"Occupational Athletes" such as firefighters, policemen and the military have high work related injuries and new research could lead to advances in on-the-job physical training and health care. Reducing injuries could save municipalities, taxpayers and the families of firefighters thousands of dollars in health care related costs.
Gulf Breeze, FL (Vocus) October 2, 2009 -- Renowned orthopaedic and sports medicine surgeon Dr. James Andrews and performance training company Athletes' Performance are widely known for taking care of elite professional athletes. However, both organizations continually provide care and training for many types of "athletes" and new research is now focused on them. Researchers located at the Andrews Institute for Orthopaedics & Sports Medicine in Gulf Breeze, Fla., founded by Dr. James Andrews, have recently finished collecting biomechanical data that may identify the potential for firefighter injury. The collaborative research study has been lead by two Ph.D. students from the University of Waterloo in Canada in conjunction with the Andrews Institute, Athletes' Performance and over 75 members of the Pensacola Fire Department.
Due to the physically demanding and unpredictable nature of their work, "occupational athletes" such as firefighters, soldiers, and police officers are frequently injured in the line of duty. These noble "occupational athletes" are frequently placed in high risk, volatile environments wherein it would be difficult if not impossible to implement ergonomic strategies to reduce the associated risk. Consequently, many public protectors and servants are forced to accept the risk of damaging their body and must selflessly cope with chronic pain and disability. Injured firefighters, soldiers, and police officers are not only a danger to themselves, but the safety of their co-workers and the people they serve can be compromised.
A healthy firefighter is an effective and safe firefighter. If injury prevention is attainable, more lives will be saved. It will also save on the bottom line for many municipalities, not to mention the financial burden an injury could place on the family of a firefighter. Billions of dollars are spent each year on disability payments, medical treatments, duty restrictions, and lost work/training time, not to mention the countless human-related sacrifices being made. While it is unlikely that all firefighter injuries can be eliminated, risk management and training applications might offer ways to reduce present injury levels.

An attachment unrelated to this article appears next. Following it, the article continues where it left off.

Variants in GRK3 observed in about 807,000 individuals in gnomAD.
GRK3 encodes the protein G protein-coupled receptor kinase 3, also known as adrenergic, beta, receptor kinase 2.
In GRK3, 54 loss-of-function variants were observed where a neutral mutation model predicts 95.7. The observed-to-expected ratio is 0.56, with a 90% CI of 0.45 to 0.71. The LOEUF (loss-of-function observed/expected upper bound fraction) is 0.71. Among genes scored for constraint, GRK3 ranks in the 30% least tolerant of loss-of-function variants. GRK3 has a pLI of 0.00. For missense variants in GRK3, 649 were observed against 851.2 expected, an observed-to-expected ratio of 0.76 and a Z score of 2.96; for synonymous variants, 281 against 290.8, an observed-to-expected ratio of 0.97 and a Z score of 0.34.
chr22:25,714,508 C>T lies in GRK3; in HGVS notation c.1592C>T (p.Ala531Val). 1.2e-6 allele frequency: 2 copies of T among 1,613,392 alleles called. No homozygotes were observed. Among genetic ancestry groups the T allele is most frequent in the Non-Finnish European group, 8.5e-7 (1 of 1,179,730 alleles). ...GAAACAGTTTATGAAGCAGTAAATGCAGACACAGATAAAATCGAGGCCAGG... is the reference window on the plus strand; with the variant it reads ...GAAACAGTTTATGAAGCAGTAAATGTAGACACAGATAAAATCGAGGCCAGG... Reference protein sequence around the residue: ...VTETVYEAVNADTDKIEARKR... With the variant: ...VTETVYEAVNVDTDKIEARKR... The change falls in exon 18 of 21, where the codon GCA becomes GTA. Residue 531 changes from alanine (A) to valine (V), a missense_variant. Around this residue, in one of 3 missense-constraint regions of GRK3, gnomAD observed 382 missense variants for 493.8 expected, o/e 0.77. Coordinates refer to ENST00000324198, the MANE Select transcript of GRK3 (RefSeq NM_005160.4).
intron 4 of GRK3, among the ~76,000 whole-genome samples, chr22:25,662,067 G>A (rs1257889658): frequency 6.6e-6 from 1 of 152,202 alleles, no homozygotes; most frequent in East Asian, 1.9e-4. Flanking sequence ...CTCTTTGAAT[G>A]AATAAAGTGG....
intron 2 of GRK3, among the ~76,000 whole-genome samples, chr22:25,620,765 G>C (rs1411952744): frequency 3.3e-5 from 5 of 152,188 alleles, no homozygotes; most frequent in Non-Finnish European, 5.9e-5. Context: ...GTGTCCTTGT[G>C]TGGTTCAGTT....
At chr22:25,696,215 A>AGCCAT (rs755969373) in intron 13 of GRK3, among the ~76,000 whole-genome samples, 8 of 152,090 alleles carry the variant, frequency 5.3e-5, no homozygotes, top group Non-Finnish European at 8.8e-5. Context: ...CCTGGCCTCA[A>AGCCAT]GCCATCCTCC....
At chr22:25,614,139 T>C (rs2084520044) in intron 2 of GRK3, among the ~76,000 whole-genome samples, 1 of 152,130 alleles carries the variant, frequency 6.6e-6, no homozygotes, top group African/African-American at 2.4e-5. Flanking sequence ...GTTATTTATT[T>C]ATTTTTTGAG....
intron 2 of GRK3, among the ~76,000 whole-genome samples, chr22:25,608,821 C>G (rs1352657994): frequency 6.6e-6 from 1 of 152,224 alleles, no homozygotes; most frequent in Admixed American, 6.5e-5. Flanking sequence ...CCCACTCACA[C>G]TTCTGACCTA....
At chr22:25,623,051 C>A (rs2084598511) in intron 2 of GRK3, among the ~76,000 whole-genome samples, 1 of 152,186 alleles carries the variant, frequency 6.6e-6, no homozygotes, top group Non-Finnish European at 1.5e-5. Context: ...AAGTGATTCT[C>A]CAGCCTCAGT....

The National Institute of Standards and Technology (NIST) along with the U.S. Department of Commerce released a report in 2005, "Economic Consequences of Firefighter Injuries and Their Prevention." They found that the estimated cost of addressing firefighter injuries and of efforts to prevent them is $2.8 to $7.8 billion per year. The study was able to obtain workers compensation information that was specific to occupational codes for firefighters, injured and non-injured alike. Estimated health care costs alone accounted for $830 to $980 million of direct and indirect costs.
The research study screened firefighters to determine if specific training can improve their movement patterns during occupational tasks and prevent injury in the field. To accomplish their goal, the research team performed biomechanical analyses of the firefighters while they performed various work-related and non work-related physical duties. The data collected will provide insight into why some firefighters may be susceptible to injury when fulfilling their occupational duties, and provide information that can be used to develop evidence-based physical training programs.